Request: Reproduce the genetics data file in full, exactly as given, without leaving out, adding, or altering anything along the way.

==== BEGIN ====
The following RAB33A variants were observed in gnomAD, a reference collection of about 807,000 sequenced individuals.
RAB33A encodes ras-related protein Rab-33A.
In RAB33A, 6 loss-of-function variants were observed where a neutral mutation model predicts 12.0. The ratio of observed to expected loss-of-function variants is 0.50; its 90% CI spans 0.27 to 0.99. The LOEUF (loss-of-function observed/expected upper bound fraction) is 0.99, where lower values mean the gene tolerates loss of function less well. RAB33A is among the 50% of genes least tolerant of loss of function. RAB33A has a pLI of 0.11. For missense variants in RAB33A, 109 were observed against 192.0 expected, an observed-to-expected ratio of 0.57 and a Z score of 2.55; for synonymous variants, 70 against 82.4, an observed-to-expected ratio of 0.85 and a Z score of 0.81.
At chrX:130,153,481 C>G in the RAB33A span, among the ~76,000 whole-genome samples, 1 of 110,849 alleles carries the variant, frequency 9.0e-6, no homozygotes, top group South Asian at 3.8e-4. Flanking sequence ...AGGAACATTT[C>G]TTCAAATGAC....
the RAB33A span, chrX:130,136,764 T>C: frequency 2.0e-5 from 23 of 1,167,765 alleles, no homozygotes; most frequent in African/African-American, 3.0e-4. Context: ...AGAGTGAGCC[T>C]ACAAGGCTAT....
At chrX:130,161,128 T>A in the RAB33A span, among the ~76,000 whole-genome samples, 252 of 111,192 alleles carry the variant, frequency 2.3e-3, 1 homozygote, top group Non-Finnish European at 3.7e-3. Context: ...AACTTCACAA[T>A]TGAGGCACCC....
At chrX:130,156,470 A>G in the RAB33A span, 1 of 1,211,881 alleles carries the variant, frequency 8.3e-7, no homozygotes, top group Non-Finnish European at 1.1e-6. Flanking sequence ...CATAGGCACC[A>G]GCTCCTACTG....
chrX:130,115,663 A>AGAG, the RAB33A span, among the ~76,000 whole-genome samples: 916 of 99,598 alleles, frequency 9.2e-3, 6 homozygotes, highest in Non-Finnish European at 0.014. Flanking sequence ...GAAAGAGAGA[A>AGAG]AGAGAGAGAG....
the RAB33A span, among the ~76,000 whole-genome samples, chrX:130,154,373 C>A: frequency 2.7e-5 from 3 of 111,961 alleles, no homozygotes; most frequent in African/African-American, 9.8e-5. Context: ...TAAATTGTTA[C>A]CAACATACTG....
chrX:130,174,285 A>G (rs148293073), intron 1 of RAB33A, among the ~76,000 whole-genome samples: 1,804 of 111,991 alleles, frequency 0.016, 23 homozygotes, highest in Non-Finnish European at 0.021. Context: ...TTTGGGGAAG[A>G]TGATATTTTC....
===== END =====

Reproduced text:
The following RAB33A variants were observed in gnomAD, a reference collection of about 807,000 sequenced individuals.
RAB33A encodes ras-related protein Rab-33A.
In RAB33A, 6 loss-of-function variants were observed where a neutral mutation model predicts 12.0. The ratio of observed to expected loss-of-function variants is 0.50; its 90% CI spans 0.27 to 0.99. The LOEUF (loss-of-function observed/expected upper bound fraction) is 0.99, where lower values mean the gene tolerates loss of function less well. RAB33A is among the 50% of genes least tolerant of loss of function. RAB33A has a pLI of 0.11. For missense variants in RAB33A, 109 were observed against 192.0 expected, an observed-to-expected ratio of 0.57 and a Z score of 2.55; for synonymous variants, 70 against 82.4, an observed-to-expected ratio of 0.85 and a Z score of 0.81.
At chrX:130,153,481 C>G in the RAB33A span, among the ~76,000 whole-genome samples, 1 of 110,849 alleles carries the variant, frequency 9.0e-6, no homozygotes, top group South Asian at 3.8e-4. Flanking sequence ...AGGAACATTT[C>G]TTCAAATGAC....
the RAB33A span, chrX:130,136,764 T>C: frequency 2.0e-5 from 23 of 1,167,765 alleles, no homozygotes; most frequent in African/African-American, 3.0e-4. Context: ...AGAGTGAGCC[T>C]ACAAGGCTAT....
At chrX:130,161,128 T>A in the RAB33A span, among the ~76,000 whole-genome samples, 252 of 111,192 alleles carry the variant, frequency 2.3e-3, 1 homozygote, top group Non-Finnish European at 3.7e-3. Context: ...AACTTCACAA[T>A]TGAGGCACCC....
At chrX:130,156,470 A>G in the RAB33A span, 1 of 1,211,881 alleles carries the variant, frequency 8.3e-7, no homozygotes, top group Non-Finnish European at 1.1e-6. Flanking sequence ...CATAGGCACC[A>G]GCTCCTACTG....
chrX:130,115,663 A>AGAG, the RAB33A span, among the ~76,000 whole-genome samples: 916 of 99,598 alleles, frequency 9.2e-3, 6 homozygotes, highest in Non-Finnish European at 0.014. Flanking sequence ...GAAAGAGAGA[A>AGAG]AGAGAGAGAG....
the RAB33A span, among the ~76,000 whole-genome samples, chrX:130,154,373 C>A: frequency 2.7e-5 from 3 of 111,961 alleles, no homozygotes; most frequent in African/African-American, 9.8e-5. Context: ...TAAATTGTTA[C>A]CAACATACTG....
chrX:130,174,285 A>G (rs148293073), intron 1 of RAB33A, among the ~76,000 whole-genome samples: 1,804 of 111,991 alleles, frequency 0.016, 23 homozygotes, highest in Non-Finnish European at 0.021. Context: ...TTTGGGGAAG[A>G]TGATATTTTC....